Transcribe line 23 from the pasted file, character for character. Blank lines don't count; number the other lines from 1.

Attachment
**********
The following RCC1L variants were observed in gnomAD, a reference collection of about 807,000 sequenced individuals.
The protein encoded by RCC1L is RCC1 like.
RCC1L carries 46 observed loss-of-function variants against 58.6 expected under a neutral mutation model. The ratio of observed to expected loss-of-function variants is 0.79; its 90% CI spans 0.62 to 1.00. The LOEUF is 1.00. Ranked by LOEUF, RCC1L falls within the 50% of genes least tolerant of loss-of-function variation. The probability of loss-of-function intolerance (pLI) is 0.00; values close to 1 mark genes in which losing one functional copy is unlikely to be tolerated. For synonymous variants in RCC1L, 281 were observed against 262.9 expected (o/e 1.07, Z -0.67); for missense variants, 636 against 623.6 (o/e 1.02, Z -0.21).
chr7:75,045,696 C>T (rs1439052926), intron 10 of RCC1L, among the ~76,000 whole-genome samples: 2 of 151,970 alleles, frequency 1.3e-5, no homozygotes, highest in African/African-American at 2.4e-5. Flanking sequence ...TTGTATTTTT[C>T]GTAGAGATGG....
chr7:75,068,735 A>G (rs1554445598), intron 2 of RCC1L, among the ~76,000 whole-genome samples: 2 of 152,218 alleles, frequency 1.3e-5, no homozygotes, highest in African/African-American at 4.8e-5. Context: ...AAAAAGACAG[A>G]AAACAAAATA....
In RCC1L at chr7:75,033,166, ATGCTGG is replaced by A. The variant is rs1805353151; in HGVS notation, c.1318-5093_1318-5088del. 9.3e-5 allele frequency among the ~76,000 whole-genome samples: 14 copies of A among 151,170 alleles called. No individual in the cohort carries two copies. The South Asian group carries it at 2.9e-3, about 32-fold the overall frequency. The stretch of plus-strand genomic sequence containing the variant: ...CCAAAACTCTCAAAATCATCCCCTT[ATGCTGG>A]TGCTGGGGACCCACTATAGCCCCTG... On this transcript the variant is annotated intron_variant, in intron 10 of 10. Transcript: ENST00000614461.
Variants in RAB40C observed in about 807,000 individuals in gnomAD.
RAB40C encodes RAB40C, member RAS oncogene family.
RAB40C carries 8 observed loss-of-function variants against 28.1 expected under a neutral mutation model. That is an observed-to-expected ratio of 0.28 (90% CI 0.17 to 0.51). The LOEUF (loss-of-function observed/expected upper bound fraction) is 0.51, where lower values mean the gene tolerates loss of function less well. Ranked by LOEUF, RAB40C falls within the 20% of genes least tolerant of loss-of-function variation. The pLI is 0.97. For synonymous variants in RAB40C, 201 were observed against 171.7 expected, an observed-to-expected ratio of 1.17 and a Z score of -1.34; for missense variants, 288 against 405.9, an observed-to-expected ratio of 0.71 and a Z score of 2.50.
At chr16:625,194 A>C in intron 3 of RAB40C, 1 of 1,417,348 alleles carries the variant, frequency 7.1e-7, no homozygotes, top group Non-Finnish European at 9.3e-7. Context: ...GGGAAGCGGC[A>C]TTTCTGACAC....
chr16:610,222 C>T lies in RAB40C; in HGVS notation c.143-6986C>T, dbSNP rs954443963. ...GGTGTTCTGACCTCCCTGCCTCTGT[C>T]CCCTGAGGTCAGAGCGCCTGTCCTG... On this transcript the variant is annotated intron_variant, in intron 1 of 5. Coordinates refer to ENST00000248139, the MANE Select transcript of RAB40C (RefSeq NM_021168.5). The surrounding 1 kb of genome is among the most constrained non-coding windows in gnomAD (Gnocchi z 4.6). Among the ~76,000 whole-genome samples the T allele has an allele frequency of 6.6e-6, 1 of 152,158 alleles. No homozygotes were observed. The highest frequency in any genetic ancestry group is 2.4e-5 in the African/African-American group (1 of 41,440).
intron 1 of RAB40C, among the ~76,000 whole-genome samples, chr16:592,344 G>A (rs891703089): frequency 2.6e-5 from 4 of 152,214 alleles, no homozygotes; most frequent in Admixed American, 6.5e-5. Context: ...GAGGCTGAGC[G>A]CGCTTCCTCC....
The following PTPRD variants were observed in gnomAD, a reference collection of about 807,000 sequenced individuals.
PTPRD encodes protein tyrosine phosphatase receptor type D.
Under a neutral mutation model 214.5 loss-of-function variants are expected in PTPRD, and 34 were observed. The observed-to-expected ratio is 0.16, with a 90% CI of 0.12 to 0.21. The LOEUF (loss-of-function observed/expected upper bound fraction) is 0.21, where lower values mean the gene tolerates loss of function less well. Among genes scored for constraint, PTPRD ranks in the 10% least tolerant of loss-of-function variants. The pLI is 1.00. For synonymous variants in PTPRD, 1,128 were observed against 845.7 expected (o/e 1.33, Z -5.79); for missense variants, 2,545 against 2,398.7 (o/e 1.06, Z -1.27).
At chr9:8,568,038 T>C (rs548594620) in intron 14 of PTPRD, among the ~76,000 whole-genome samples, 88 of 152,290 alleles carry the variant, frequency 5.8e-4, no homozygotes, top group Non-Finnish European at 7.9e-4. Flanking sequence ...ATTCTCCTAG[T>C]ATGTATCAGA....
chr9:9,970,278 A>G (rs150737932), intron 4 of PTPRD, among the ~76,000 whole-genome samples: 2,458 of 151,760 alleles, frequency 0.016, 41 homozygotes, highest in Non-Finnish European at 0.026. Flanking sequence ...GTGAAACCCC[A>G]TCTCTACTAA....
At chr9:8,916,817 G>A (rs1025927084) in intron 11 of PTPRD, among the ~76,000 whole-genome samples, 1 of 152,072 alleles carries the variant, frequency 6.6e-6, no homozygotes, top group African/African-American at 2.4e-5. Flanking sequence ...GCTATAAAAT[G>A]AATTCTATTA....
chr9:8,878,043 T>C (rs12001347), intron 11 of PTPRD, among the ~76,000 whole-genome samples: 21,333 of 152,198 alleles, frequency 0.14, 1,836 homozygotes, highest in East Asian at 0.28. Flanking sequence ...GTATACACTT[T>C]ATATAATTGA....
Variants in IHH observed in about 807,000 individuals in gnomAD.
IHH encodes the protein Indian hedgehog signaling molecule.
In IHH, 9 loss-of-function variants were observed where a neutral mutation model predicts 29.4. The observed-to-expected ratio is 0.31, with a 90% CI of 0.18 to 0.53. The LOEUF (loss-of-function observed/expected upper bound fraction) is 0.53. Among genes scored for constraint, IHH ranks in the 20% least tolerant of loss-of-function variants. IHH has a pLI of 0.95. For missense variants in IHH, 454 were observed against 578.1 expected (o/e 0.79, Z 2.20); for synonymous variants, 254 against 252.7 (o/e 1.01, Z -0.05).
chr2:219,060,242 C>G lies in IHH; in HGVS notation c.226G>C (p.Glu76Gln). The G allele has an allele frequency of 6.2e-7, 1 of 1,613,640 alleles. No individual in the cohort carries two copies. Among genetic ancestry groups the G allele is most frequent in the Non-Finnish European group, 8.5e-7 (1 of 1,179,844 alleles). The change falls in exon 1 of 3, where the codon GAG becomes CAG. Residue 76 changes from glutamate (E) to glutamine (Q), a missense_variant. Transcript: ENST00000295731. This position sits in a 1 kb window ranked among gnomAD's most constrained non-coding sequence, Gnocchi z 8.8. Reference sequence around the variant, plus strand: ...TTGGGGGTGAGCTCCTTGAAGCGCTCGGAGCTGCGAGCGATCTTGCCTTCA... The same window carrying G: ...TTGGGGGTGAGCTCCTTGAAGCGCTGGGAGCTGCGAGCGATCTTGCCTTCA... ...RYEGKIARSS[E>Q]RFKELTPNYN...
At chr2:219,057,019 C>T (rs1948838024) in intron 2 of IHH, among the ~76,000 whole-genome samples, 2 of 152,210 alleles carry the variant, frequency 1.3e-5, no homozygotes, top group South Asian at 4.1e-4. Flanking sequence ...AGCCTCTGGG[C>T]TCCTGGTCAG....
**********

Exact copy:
chr2:219,060,242 C>G lies in IHH; in HGVS notation c.226G>C (p.Glu76Gln). The G allele has an allele frequency of 6.2e-7, 1 of 1,613,640 alleles. No individual in the cohort carries two copies. Among genetic ancestry groups the G allele is most frequent in the Non-Finnish European group, 8.5e-7 (1 of 1,179,844 alleles). The change falls in exon 1 of 3, where the codon GAG becomes CAG. Residue 76 changes from glutamate (E) to glutamine (Q), a missense_variant. Transcript: ENST00000295731. This position sits in a 1 kb window ranked among gnomAD's most constrained non-coding sequence, Gnocchi z 8.8. Reference sequence around the variant, plus strand: ...TTGGGGGTGAGCTCCTTGAAGCGCTCGGAGCTGCGAGCGATCTTGCCTTCA... The same window carrying G: ...TTGGGGGTGAGCTCCTTGAAGCGCTGGGAGCTGCGAGCGATCTTGCCTTCA... ...RYEGKIARSS[E>Q]RFKELTPNYN...